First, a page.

The Conservatives’ new House leader, Candice Bergen, said the government’s current draft agenda in the Commons is “very, very light,” and she suggested the Liberals were far more interested in “trips, hanging out with celebrities, and getting good photo opportunities” than growing the economy.
“I think there are a lot of Canadians that are worried about things of substance, and they are wondering if the government is as concerned with substantive things like jobs,” she said.
“I think there are a lot of Canadians that are worried about things of substance."
On Saturday, Trudeau was in Montreal re-announcing a huge boost to Canada’s contribution to the Global Fund aimed at eliminating AIDS, tuberculosis and malaria. He was flanked by U2 frontman Bono, who had nothing but praise for Canada.
Noting the Trudeau government’s incredible popularity, O’Toole said Canadians might be surprised to discover that the image of the Liberals hard at work is not matched by reality.
The cabinet has had three taxpayer-paid retreats — in Saint Andrews, N.B.; Kananaskis, Alta., and Sudbury, Ont. — “ a retreat for every three bills they pass” he said, suggesting that the meetings were intended solely to give the Liberals’ positive local press.
“I was a minister for about a year, and we never did a cabinet retreat. But I passed legislation,” said O’Toole, who served as Canada’s previous veterans affairs minister. “Three new benefits for people. We had debates, but they weren’t manufactured for photos.”
Government House Leader Bardish Chagger defended Trudeau, saying the prime minister has taken engagement to a "whole new level." (Photo: CP)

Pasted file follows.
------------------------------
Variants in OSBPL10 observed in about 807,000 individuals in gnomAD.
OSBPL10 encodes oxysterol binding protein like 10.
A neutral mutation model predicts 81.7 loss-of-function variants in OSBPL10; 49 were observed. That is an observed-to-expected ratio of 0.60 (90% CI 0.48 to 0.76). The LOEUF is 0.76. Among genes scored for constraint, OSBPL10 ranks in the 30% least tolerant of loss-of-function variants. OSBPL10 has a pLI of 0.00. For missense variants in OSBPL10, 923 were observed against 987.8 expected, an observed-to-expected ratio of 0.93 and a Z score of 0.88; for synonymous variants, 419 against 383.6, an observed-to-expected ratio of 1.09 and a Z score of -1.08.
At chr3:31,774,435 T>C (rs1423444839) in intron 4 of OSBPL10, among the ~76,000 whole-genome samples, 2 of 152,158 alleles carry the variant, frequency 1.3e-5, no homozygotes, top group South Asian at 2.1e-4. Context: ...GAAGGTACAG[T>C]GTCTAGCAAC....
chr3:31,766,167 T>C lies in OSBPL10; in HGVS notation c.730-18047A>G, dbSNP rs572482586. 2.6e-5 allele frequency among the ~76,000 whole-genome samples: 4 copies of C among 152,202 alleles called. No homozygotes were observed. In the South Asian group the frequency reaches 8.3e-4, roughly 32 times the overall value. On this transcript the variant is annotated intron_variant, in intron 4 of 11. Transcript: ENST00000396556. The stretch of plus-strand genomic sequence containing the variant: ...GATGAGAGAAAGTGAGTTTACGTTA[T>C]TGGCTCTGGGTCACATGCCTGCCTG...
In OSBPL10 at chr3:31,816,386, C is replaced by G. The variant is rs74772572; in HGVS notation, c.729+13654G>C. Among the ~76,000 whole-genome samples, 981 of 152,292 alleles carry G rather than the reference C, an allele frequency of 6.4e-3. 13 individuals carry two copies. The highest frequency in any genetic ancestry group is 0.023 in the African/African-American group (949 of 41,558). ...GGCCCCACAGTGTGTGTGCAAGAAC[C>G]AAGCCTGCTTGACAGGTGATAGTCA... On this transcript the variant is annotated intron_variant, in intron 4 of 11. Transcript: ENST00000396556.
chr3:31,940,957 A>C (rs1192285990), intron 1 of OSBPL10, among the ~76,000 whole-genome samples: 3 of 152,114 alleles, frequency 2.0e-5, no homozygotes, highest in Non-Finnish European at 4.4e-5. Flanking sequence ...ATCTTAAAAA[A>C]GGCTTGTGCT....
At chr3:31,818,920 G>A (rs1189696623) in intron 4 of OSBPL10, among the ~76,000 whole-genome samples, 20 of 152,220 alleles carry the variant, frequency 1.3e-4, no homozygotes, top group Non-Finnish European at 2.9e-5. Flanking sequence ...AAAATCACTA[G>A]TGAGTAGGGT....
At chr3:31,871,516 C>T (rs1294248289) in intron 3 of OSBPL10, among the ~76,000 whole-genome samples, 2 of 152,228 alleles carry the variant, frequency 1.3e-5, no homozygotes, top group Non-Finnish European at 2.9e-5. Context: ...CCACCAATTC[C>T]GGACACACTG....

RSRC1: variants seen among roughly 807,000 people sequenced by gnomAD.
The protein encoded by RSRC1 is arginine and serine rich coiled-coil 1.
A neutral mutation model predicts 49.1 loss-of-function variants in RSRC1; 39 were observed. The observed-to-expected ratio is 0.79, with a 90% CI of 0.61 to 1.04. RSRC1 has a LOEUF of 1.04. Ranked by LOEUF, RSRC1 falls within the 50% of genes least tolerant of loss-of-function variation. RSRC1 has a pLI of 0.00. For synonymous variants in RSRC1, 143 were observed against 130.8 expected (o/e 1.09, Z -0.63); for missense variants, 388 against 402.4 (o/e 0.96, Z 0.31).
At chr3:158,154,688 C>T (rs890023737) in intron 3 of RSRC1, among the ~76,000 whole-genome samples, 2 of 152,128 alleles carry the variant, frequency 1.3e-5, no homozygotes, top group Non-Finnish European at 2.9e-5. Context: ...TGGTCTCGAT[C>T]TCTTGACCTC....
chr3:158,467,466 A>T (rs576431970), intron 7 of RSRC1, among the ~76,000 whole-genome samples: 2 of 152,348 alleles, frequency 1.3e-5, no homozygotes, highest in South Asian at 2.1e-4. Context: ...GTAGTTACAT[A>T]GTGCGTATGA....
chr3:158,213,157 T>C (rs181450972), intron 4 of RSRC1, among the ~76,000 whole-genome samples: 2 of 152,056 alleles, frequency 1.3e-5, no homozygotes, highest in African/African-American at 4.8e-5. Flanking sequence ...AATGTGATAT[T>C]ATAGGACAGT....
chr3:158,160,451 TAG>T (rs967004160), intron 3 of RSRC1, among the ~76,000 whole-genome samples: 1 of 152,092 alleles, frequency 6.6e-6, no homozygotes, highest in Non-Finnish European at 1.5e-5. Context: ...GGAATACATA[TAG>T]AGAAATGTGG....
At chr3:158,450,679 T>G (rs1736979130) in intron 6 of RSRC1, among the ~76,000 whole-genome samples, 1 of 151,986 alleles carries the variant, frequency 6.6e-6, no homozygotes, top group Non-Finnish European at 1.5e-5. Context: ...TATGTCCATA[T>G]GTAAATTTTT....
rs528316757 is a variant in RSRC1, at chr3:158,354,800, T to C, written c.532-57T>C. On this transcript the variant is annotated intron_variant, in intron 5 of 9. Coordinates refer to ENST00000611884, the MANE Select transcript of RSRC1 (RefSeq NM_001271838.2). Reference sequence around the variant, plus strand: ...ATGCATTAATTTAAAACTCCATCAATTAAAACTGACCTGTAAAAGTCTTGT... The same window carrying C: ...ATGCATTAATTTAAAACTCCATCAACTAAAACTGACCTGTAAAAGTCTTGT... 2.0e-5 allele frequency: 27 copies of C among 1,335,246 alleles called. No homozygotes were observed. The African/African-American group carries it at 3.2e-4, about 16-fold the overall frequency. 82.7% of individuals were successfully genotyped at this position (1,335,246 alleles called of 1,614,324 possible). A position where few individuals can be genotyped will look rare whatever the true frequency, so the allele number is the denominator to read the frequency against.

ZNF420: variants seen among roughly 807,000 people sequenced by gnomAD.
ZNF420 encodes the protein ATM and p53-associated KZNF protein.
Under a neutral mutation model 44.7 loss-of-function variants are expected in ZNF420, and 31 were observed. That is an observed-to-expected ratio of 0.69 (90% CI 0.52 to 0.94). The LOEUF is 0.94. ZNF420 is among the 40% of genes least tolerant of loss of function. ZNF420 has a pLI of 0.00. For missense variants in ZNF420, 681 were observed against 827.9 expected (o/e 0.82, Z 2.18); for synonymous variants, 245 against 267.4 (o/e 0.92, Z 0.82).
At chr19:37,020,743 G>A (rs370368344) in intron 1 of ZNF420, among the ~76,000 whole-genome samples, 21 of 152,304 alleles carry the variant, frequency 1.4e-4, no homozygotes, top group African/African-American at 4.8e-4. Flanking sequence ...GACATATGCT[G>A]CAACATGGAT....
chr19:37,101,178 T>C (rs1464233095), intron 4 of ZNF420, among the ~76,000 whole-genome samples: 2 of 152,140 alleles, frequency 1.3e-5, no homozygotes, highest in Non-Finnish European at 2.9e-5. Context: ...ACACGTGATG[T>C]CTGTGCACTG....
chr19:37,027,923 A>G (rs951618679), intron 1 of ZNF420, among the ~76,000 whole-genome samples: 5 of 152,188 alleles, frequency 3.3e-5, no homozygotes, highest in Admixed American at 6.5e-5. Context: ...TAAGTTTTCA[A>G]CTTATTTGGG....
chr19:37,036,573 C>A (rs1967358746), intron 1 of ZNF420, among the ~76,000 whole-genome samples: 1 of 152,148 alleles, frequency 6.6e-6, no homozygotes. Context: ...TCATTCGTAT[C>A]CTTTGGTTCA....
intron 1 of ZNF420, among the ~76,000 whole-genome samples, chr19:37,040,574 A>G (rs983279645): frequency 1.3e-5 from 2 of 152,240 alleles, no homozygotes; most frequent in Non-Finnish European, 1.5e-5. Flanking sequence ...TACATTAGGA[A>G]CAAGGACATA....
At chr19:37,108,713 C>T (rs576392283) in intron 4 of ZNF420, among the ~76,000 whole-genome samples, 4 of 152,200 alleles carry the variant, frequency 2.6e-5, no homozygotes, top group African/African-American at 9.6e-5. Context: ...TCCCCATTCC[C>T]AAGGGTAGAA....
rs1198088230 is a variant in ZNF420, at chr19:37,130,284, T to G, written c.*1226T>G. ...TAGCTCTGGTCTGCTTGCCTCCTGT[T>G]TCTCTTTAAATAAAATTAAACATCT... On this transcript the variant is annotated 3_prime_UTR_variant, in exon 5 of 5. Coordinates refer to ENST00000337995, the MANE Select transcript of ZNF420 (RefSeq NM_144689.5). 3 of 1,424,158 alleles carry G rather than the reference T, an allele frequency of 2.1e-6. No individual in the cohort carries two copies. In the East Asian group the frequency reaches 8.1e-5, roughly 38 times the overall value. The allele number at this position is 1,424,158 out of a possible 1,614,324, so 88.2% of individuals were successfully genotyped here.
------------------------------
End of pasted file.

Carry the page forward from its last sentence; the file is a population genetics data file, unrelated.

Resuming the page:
Chagger defended the retreats as an opportunity for Trudeau and the cabinet to engage with everyday Canadians.
“We do have a responsibility to represent the people of this nation, and we have to make ourselves more available and approachable … and that is something the prime minister has done at a whole new level,” she said.
“I can tell you that in ridings that I’ve been to, people have not only been able to take a selfie with the prime minister, they have been able to directly tell him what is on their mind and what is important to them, and that is the piece that people are not seeing within those pictures.”
'Longer than usual honeymoon'
The economy, she said, is very important to the Liberal government. “Growing the economy and strengthening the middle class is the mandate Canadians gave us, and that is the mandate that we are advancing,” she said.
“Maybe they are having a longer than usual honeymoon,” O’Toole said. “Maybe I am just a bitter puppy. Who knows?” But right now, he said, it’s hard for the opposition to “pin” down the government when there isn’t much legislation to grab hold of.
Broken Liberal promises — on enacting all the recommendations of the Truth and Reconciliation Commission, adopting the UN Declaration on the Rights of Indigenous Peoples, or offering the families of missing and murdered indigenous women and girls the closure they were seeking — are going unnoticed, he said.
“Canadians aren’t really seeing that up close,” he said. “In Parliament, it is not quite as sunny as you might think.”
With files from Ryan Maloney